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Posts Tagged ‘personal pronouns’

by Jake Beus

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October 19th, 2011

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Spanish Subject Pronouns

A subject pronoun replaces a noun that names the subject in a clause or sentence. You place a subject pronoun at the beginning of a clause or sentence and before the verb. Pronouns replace nouns that are understood either because of previous use or from context. Here are the Spanish subject pronouns (also called personal pronouns) in English and Spanish.

I | yo
you | tú (informal)
you | usted (formal)
he | él
she | ella
we | nosotros (masculine)
we | nosotras (feminine)
you (as in you all) | vosotros (informal, masculine)
you (as in you all) | vosotras (informal, feminine)
they | ellos (masculine)
they | ellas (feminine)
you (as in you all) | ustedes (formal)

I will write more about Spanish verb conjugation in a future post, but for now it is important to understand that Spanish verbs must be conjugated. I suggest trying out the Visual Link Spanish Verb Courses so that you can master Spanish verb conjugation. You can get a free 7-day trial download and have access to the courses for 7 days by visiting the Visual Link Spanish Free Trial Download page.

It is often not necessary to say or write the subject pronoun in Spanish, because the conjugated form of the verb indicates the subject. In Spanish, it is only necessary to include the subject pronoun for one of the following reasons:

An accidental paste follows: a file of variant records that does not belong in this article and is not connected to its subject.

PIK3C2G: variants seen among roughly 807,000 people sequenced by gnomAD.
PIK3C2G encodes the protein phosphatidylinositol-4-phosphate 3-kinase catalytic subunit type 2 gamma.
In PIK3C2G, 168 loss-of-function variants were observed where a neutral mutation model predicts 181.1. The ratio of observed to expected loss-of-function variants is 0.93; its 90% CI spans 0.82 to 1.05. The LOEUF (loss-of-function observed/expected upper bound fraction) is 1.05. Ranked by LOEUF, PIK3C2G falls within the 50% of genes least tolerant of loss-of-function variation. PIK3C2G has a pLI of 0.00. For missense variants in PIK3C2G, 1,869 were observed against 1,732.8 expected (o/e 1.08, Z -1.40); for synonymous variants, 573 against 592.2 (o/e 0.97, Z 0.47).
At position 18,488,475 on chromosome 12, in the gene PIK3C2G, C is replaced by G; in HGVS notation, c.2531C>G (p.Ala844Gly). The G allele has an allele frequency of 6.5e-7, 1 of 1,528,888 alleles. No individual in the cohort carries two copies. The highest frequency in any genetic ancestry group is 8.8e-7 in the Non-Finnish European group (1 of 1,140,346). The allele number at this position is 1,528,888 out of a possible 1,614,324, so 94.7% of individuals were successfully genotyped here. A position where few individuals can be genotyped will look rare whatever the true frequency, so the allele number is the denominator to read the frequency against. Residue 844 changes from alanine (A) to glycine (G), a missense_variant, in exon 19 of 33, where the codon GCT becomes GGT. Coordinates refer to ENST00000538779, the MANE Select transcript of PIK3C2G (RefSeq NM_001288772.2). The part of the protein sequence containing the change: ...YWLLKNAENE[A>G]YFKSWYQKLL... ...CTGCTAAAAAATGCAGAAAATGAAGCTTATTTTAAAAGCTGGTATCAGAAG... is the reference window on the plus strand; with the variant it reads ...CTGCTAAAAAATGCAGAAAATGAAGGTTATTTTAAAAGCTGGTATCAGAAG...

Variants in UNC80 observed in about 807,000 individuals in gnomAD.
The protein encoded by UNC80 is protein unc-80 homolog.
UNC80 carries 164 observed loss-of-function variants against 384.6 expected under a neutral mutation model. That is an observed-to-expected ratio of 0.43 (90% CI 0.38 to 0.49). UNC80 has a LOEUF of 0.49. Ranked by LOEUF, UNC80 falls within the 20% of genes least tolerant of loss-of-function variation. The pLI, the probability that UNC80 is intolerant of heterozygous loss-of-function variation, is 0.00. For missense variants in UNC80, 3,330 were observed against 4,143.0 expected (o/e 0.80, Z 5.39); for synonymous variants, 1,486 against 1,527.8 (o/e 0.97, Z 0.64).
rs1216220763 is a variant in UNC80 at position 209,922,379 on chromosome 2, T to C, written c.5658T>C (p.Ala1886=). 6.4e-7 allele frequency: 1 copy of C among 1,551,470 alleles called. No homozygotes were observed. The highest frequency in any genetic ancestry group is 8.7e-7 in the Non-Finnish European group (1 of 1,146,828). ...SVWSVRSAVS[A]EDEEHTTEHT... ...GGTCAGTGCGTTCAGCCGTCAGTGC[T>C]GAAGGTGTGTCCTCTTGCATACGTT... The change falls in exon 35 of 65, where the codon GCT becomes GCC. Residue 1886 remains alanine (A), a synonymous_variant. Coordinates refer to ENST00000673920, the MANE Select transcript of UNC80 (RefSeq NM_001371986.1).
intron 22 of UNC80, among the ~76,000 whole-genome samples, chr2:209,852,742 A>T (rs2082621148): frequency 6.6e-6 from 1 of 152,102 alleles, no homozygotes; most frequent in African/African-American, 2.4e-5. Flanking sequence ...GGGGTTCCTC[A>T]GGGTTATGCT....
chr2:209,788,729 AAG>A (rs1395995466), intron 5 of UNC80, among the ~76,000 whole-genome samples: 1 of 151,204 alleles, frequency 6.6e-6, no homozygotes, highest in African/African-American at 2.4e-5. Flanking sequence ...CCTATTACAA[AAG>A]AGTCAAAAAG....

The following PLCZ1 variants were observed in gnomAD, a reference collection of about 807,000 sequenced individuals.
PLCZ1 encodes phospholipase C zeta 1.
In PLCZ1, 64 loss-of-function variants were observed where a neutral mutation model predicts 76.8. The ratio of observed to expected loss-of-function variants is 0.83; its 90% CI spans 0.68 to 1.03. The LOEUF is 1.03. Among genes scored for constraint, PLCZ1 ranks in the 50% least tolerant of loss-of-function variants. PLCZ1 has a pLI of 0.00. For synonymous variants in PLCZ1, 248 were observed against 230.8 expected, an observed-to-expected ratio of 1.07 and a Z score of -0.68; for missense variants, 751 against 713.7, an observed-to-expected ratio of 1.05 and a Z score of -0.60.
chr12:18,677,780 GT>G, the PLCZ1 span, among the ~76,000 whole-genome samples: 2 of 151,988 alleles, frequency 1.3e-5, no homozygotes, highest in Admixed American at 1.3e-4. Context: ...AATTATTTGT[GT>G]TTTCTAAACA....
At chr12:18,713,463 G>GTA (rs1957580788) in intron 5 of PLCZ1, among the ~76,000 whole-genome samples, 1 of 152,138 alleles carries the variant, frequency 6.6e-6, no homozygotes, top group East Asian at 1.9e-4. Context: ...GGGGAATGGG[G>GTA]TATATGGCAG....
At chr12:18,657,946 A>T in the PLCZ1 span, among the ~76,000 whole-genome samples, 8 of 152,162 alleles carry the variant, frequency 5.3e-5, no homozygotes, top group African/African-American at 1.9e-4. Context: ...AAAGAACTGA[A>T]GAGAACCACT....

1. Clarity. In the third person, including the subject pronoun allows you to differentiate between él and ella or ellos and ustedes. Look at these examples:

They need to listen. | (Ellos) necesitan escuchar.
You (all) need to listen. | (Ustedes necesitan escuchar.
He needs to listen. | (Él) necesita escuchar.
She needs to listen. | (Ella) necesita escuchar.

2. Emphasis. To emphasize the difference between two subjects, even though they are both understood, include the subject pronoun. Look at these examples:

I live in an apartment, but you live in a house! | ¡Yo vivo en un apartamento, pero tú vives en una casa!
I want to learn Spanish, but you want to learn French. | Yo quiero aprender español, pero tú quieres aprender francés.

I hope you learned at least a little bit! There will be more Spanish grammar lessons coming soon!

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